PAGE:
How to Make (Nordstrom-Style) Tomato Soup

Stella's take on the famous Nordstrom's tomato basil soup uses carrot purée and just a splash of cream to create a thick, hearty, and warming meal.

Serious Eats' version of Nordstrom-style tomato soup, served in a white bowl and garnished with chopped fresh herbs.
Vicky Wasik

Long before I started writing for Serious Eats, I stumbled across the site on a rainy day when I was craving a bowl of tomato soup. The recipes I'd found elsewhere, with embellishments like sherry, Parmesan, and caramelized onions, didn't resonate with my childhood memories. Don't get me wrong; those things sound objectively delicious, but a craving's a craving, you know? That dreary night, I wanted something simple and hearty, which I found in Nordstrom's Tomato Basil Soup.

Sure, it was loaded with carrots, but I figured that their sweet flavor wouldn't really come into play so much as it would offset the acidity of canned tomatoes, and I was right. Once puréed, they provided a creamy backbone to the soup, and an element of freshness that breathed new life into the tomatoes. That was more than nine years ago, and I've been making that soup on the regular ever since.

Those were the days before Kenji's 15-Minute Creamy Tomato Soup (and its hyper-lazy five-minute spinoff, the No-Cook Blender Tomato Soup), and, while I've come to appreciate having such lightning-fast methods on hand, I can't help but feel nostalgic for my first taste of Serious Eats.

Besides, my career involves snacking on a nonstop parade of cookies, cakes, and breads both quick and slow, so I'm always on the hunt for recipes that will bring more vegetables into my life, and that's exactly what the Nordstrom tomato soup does.

Of course, being the meticulous nerd that I am, I couldn't help but turn some of the recipe's vagaries into more concrete directions for myself. For starters, I converted the ingredients to weight—not because tomato soup requires extreme precision, but because subjective measurements, like "large" carrots and onions, had led to inconsistent results.

Some readers complained the soup was hopelessly bland, while others deemed it too carrot-y, while folks such as myself couldn't love it more. Quantifying those ingredients into exact amounts helps everyone land in the Goldilocks zone, where the soup tastes both flavorful and mellow.

As pastry chefs are wont to do, I traded the olive oil of the original for butter, which browns as the vegetables sauté to give the soup a nutty depth. Ditching olive oil also pushes the overall flavor toward classic Campbell's—ever the North Star of my tomato soup adventures.

Once you see some nice browning along the bottom of the pan, add the tomatoes and a quart of chicken stock; homemade if you have it, or the low-sodium variety if store-bought.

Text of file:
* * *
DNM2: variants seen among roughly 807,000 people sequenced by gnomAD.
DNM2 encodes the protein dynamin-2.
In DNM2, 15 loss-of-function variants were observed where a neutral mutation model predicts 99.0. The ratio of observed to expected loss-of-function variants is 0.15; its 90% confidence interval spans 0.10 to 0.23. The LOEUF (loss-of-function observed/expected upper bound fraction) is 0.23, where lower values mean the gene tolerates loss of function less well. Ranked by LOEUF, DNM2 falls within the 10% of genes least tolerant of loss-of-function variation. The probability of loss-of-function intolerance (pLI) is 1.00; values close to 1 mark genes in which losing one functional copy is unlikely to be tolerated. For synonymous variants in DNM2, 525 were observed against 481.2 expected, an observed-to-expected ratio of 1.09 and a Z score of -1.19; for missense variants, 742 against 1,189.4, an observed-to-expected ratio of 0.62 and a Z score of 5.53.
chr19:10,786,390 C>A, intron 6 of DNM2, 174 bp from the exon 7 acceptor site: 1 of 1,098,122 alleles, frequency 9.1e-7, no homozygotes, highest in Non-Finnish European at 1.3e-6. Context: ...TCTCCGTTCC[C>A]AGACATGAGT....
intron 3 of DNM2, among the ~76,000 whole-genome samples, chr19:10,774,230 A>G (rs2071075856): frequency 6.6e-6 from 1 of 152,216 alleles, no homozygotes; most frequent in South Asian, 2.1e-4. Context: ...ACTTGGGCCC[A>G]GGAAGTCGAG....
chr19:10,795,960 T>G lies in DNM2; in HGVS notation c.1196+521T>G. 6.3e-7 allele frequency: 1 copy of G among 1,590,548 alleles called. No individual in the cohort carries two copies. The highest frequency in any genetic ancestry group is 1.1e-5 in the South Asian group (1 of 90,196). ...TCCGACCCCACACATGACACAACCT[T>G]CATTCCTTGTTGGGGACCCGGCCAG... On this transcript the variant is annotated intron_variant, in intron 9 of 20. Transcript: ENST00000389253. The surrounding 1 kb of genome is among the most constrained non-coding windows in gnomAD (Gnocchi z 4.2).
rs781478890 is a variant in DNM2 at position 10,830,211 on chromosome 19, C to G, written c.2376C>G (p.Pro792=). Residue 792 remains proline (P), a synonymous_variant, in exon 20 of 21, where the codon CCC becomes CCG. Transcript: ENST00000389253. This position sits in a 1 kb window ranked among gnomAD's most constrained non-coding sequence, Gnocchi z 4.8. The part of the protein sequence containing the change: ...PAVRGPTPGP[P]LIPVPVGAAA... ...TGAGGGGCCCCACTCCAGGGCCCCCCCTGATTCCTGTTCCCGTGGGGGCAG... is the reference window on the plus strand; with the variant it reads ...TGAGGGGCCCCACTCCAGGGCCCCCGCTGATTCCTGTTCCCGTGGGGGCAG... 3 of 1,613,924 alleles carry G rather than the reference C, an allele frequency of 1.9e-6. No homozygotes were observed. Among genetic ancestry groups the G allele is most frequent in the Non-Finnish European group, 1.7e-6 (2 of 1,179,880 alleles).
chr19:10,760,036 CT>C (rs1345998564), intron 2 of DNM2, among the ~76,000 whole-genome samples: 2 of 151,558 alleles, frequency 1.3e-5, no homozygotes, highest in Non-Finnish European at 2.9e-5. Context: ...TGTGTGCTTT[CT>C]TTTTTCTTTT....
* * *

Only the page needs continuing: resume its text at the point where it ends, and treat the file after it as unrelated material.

Collage of making tomato basil soup: sautéing vegetables in a pot, adding tomatoes and stock, stirring with a wooden soup, puréeing with an immersion blender

Where the original recipe calls for just 20 to 45 minutes of simmering, in my experience, it takes about twice as long. First of all, we're talking about something that contains 135 fluid ounces of liquid ingredients; rushing things will only result in the watery soup that some folks complained about.

An extended cooking time also eliminates the intense carrotiness that a few readers mentioned, creating a mellow flavor that puts tomatoes front and center. Beyond that, taking your time to simmer the soup will tenderize the carrots, for an even creamier purée.

Since the acidity of the soup will vary depending on what brand of canned tomatoes you choose, I'll often add a pinch of baking soda for balance. If you suspect you may need some help in that department, give the soup a taste.

Collage of photos of making tomato soup: adding baking soda to reduce acidity, stirring bubbling soup with a wooden spoon

If it tastes overly acidic or sharp, add a quarter teaspoon of baking soda. The soup will bubble and fizz wherever the soda lands as carbon dioxide is released. Give it a good stir to make sure the soda is fully spent; when the bubbles subside, taste again and add another quarter teaspoon if needed. A common rule of thumb is a quarter teaspoon of baking soda for every large can of tomatoes, but, given personal preference and the varying pH of each brand, it's much safer to start small.

Once it's to your liking, it's time to purée the soup. If you don't have an immersion blender to get the job done, be sure to let the soup cool a bit before transferring to a countertop blender; otherwise, the steamy buildup from the hot soup may pop the lid. You can strain the soup if you like, but the tender vegetables make for a remarkably creamy purée on their own.

So creamy, in fact, that I've halved the amount of actual cream involved.

Adding cream to tomato purée for tomato soup

It's not that I'm looking to lighten things up, only that I prefer that richness in the form of a gooey grilled cheese sandwich. If you'd rather embrace a creamier tomato soup, by all means, add more! Or, if you'd like something more soupy, feel free to thin it down with an extra splash of stock. The consistency is completely up to you.

From there, the soup is seasoned with salt, pepper, and a pinch of cayenne. While the original called for adding dried basil to the carrots and onions, it's not something I keep on hand, so I finish with fresh basil at the end. Either way, restraint is key; the aromatic herb goes a long way to round out the flavor of the tomatoes, but too much can be distracting.

Happily, the recipe makes about 12 cups—enough to feed an army, or at least a big family over the course of a rainy weekend—but even if you don't need that much, the soup freezes so well that I've never been tempted to cut the recipe in half. Once you try it for yourself, you'll see what I mean.